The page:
Make change stick

Bringing a knowledge perspective to the organisation can mean overcoming deep-seated personal assumptions and beliefs about how things should be done. Simply telling people what to do is not enough for them to change.

One consideration might be what does knowledge sharing behaviour actually mean and how can this be encouraged and reinforced? Knowledge Works describes a framework of seven competencies that together make up knowledge sharing behaviour: networking, consideration and recognition, trust and empowerment, gathering and developing knowledge, managing and sharing information, communicating knowledge and applying expertise. You can download a copy of this Knowledge Sharing Behaviours Competency Framework here.  Finding advocates for the proposed change who have developed these competencies is helpful too.

Each of us has filters that influence how we receive information and respond to it – these have developed over our lives, starting with our personality and refined through our education and experience. Thinking carefully about the filter patterns that your audience has can help shape more effective communications.

Different nationalities have preferences too. Assuming that one way of implementing a knowledge related initiative will work everywhere is unlikely to be the best approach. The things that trigger and block interest in knowledge issues, the way relationships form at work, how structures and systems are received, the way performance management works, and how important senior management endorsement is to acceptance all need to be considered for each national culture involved.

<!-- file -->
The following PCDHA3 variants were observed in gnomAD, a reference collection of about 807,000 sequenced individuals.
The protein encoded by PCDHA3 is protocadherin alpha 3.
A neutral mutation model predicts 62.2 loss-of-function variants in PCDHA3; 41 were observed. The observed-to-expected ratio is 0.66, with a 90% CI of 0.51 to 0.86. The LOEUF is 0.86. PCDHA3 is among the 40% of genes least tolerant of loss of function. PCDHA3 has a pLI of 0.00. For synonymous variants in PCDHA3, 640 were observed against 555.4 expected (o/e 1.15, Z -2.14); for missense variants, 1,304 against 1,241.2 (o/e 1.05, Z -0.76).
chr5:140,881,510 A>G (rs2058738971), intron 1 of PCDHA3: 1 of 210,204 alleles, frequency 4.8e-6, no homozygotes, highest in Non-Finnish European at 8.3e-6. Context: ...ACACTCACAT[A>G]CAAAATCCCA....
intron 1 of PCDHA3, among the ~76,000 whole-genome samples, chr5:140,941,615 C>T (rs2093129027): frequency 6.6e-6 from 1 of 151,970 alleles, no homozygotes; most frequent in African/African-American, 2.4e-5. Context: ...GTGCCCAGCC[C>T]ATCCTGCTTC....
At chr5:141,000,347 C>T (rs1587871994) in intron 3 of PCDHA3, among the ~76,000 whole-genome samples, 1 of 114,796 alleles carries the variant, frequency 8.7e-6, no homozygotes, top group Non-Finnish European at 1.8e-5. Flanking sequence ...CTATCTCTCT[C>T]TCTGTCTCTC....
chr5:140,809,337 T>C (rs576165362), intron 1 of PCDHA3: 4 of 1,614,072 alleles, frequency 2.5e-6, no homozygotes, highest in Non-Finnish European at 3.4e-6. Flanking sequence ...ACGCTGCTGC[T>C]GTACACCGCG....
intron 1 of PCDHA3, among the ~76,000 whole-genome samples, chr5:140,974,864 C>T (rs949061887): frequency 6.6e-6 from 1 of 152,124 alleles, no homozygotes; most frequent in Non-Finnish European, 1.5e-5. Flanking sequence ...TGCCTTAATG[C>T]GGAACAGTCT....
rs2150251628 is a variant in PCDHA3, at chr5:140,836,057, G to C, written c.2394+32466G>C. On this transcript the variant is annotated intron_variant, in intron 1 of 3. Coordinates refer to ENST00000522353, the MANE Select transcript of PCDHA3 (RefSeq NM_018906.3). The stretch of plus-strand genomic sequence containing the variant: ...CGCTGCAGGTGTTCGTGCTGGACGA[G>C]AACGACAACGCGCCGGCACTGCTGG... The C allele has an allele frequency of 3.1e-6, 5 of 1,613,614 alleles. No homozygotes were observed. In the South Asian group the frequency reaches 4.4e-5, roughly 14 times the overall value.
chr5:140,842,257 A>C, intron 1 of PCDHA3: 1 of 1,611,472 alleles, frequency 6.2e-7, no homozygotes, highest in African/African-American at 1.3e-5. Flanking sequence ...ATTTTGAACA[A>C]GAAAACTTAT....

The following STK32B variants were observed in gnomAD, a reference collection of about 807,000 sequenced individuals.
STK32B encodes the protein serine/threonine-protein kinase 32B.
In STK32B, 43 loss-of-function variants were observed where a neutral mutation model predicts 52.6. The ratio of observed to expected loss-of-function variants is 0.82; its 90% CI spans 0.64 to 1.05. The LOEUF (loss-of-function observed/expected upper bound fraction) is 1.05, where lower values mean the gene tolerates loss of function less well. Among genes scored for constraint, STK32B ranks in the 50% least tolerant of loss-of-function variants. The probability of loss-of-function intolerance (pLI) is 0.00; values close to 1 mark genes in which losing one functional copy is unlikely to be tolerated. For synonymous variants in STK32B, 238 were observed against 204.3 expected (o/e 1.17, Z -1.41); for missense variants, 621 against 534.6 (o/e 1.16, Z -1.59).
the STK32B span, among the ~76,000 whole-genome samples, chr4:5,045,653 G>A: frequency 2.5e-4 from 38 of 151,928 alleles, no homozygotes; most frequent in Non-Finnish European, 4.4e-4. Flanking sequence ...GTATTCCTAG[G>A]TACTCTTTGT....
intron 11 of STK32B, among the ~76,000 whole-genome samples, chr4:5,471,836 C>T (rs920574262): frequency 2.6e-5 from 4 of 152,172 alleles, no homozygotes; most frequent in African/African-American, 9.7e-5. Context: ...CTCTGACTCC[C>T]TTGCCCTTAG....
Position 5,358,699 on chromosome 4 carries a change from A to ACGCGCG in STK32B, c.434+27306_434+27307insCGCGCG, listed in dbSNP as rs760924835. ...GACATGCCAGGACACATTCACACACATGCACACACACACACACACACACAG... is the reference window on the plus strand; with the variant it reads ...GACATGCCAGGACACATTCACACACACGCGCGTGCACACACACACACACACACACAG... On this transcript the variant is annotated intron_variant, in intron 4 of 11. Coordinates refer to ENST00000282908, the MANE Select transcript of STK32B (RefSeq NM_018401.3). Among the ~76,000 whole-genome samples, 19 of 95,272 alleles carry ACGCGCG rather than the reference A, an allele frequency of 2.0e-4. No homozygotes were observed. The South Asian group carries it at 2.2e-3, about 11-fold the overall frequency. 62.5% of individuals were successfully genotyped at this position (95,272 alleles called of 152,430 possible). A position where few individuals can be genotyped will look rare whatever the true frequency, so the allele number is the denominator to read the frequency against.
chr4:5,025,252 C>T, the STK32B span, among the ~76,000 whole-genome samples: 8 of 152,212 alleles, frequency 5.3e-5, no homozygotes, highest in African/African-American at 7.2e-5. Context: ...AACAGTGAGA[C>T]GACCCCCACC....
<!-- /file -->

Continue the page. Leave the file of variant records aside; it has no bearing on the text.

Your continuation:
One of the most powerful ways of creating change is through influencing the pattern of conversations in organisations. We often take conversation granted, but in fact it is the way that managers can come to understand the concerns of those impacted by the change and effectively address these issues and build commitment to new ways of doing things. Becoming more skilled at conversations means taking the time to plan for and then reflect on key conversations.

Take a look at the video of Alma Kucera, a Knowledge Manager who has found the approach to improving the quality of conversations proposed in Knowledge Works particularly useful (the interviewer is Christine van Winkelen):

Issues 1,2,9 and 15 of the Henley KM Forum Knowledge in Action series summarise the approaches to developing knowledge sharing behaviours, making the most of knowledge activists, working across national cultural boundaries and improving conversations that have been included in Knowledge Works.

                     Issue 1                                                     Issue 2

                      Issue 9                                                   Issue 15   

You can click through to register and download these here.

Additional Reading

Creating Knowledge Advantage: The Tacit Dimensions of International Competition and Cooperation, by Nigel Holden and Martin Glisby

Changing Conversations in Organizations: A Complexity Approach to Change, by Patricia Shaw

What Poetry Brings to Business, by Clare Morgan

Changing Minds. The Art and Science of Changing our Own and Other People’s Minds, by Howard Gardner

Dialogue and the Art of Thinking Together: A Pioneering Approach to Communicating in Business and Life, by William Isaacs
Training with NLP: Skills for Managers, Trainers and Communicators, by Joseph O’Connor and John Seymour

Reinventing Management: Smarter Choices for Getting Work Done, by Julian Birkinshaw